The American Academy of Pediatrics also "strongly supports" schools' efforts to increase the amount of sleep students get, urging them to institute start times that allow that.
Not getting enough sleep can result in several problems, such as mood and behavior changes, an increased risk for obesity and drowsy driving, as well as poorer academic performance, according to the experts.
At Gowanda Central, middle school classes start at 7:15 a.m. and high school classes start at 7:32 a.m. That means buses leave the garage for the first pickup at 6:15 a.m.
Gowanda is thinking of changing because the evidence is strong that a later start time will result in increased student achievement in teenagers, Anderson said.
In one study, researchers at the University at Washington looked at academic performance of sophomore biology students from two high schools in the Seattle school district when start times were moved nearly an hour later to 8:45 a.m. The study found there was an increase in median sleep duration of 34 minutes, and a 4.5 percent increase in grades. Attendance also improved.
Science may say teenagers should start school later, but there are some issues that come up when talking about changing start times, including transportation, after school sports and activities, as well as work and family life.
Springville asked students and families to chime in with online comments on what should be considered when looking at changing. Comments were overwhelmingly in favor of keeping the current early start time, with 77 percent of students and 58 percent of parents and staff in favor of retaining the current times.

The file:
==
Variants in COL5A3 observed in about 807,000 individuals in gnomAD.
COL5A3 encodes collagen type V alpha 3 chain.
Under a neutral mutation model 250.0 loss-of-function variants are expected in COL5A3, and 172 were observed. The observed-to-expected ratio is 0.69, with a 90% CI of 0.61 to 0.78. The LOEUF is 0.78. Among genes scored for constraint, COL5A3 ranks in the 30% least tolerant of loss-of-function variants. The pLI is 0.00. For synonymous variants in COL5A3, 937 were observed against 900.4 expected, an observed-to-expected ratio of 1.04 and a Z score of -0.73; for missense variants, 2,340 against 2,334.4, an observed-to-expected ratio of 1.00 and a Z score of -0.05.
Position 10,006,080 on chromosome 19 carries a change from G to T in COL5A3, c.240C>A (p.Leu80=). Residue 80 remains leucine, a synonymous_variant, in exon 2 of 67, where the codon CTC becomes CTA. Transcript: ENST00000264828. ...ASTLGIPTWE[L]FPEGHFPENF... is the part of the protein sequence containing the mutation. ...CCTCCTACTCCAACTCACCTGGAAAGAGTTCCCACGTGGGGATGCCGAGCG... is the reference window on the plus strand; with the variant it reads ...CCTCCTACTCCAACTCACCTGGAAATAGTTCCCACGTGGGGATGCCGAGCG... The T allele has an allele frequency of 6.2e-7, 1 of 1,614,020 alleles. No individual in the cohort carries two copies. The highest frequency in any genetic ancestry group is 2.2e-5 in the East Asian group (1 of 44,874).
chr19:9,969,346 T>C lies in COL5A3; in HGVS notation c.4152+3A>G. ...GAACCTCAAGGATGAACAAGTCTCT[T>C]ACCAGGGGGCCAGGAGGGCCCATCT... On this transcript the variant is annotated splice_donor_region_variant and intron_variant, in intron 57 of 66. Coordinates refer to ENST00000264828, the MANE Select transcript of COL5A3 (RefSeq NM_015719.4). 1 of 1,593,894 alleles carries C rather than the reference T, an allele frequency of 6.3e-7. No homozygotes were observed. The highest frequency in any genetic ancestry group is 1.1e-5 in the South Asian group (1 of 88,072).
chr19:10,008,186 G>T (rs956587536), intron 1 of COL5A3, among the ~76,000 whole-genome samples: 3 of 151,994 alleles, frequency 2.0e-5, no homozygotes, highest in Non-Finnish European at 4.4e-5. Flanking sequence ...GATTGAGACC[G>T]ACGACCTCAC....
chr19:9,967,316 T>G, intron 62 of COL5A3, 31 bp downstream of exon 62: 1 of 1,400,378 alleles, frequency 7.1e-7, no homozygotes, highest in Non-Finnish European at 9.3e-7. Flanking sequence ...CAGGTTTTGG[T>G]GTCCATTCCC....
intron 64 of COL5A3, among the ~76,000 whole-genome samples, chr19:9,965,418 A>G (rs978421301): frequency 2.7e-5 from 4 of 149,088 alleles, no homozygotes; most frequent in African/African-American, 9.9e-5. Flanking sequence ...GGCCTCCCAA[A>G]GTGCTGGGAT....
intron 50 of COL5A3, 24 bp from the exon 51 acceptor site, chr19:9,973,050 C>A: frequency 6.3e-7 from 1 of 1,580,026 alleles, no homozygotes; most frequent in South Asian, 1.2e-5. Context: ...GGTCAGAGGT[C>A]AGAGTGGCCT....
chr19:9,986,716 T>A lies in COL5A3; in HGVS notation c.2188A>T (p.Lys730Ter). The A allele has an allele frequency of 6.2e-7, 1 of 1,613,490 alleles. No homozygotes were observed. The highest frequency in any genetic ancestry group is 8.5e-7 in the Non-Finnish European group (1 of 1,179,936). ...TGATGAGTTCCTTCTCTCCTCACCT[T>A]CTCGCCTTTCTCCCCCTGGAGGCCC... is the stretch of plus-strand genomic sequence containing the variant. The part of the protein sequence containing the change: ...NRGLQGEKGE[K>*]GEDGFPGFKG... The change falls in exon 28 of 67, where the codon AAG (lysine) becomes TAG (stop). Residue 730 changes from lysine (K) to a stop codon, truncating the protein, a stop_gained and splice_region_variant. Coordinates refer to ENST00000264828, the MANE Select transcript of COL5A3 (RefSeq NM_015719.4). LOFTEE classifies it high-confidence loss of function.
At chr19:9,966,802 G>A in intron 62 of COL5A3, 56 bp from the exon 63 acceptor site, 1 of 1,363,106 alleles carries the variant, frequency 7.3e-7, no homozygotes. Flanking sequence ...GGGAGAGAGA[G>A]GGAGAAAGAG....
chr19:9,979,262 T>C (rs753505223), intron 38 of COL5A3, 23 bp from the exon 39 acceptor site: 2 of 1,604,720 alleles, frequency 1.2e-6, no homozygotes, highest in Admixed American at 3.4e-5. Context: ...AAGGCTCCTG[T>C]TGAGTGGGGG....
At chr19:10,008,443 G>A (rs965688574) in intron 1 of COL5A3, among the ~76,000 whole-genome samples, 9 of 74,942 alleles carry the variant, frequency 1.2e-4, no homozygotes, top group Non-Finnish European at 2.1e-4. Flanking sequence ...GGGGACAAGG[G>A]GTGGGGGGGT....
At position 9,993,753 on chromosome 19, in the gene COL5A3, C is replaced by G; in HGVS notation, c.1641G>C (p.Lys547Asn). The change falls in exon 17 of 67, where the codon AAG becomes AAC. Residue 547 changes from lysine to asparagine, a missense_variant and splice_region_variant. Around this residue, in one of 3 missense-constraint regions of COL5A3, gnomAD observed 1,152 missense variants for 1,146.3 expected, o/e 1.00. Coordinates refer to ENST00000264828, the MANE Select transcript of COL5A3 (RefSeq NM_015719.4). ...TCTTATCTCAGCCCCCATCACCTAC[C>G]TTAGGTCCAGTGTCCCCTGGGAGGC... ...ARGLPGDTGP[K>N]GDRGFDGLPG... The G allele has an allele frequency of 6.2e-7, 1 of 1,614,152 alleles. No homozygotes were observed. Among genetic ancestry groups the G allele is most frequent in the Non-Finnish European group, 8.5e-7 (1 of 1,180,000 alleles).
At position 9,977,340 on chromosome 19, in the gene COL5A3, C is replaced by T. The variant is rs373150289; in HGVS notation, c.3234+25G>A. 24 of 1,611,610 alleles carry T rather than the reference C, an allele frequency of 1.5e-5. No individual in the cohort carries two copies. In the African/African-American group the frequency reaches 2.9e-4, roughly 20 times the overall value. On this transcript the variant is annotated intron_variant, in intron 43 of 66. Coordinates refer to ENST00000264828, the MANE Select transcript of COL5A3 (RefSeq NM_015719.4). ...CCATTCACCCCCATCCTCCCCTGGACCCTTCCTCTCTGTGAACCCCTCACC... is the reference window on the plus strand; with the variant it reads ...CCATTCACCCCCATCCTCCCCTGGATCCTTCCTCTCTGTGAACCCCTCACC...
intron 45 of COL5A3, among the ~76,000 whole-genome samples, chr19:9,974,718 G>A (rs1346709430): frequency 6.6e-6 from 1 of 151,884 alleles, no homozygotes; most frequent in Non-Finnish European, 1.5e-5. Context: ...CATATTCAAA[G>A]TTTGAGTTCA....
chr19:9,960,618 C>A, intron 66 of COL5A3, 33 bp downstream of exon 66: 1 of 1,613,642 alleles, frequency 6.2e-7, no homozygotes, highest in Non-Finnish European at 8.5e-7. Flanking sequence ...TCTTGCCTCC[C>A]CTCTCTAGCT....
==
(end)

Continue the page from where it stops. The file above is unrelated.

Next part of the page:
Many school districts have two bus runs, an early run for high and middle schoolers, and a later run for elementary students. Combining them into one bus run could require more buses.
And if there was one bus run instead of two, bus drivers would have fewer hours, which sounds like a money saver, but it might exacerbate the problem of hiring enough qualified bus drivers.
"It's hard to get bus drivers now. If hours are reduced, would it be harder to get drivers?" Springville Griffith Superintendent Kimberly Moritz said.
She said "single tripping" would mean the district probably would have to buy four new buses and change its routes.
Many parents do not want elementary school students on buses with older children, although Moritz said she believes all students elevate their behavior when they are around younger children.
"Younger students should NOT be with the older ones, open door for too much to happen and things they shouldn't be hearing from older kids," one parent wrote on the district's Facebook page.
Child care before or after school also could be an issue. Some families rely on older children, who get out of school first, to watch younger children after school. If the two bus runs were switched, then younger children would get home before their teenage brothers and sisters.
Students also are worried about getting to athletic contests or after school work in time, and if they do play sports, when they would do their homework, Moritz said.
Community reaction on the district's Facebook page is similar to the online poll, although there is some support.
"I can see so many benefits here. Households would be able to run on one schedule, all of the kids could go out the door together. The teens could look out for the smaller children," one parent wrote on the district Facebook page.
And then there's the student who had another solution for sleepy students: “Just budget nap time into the school day so we get enough sleep.”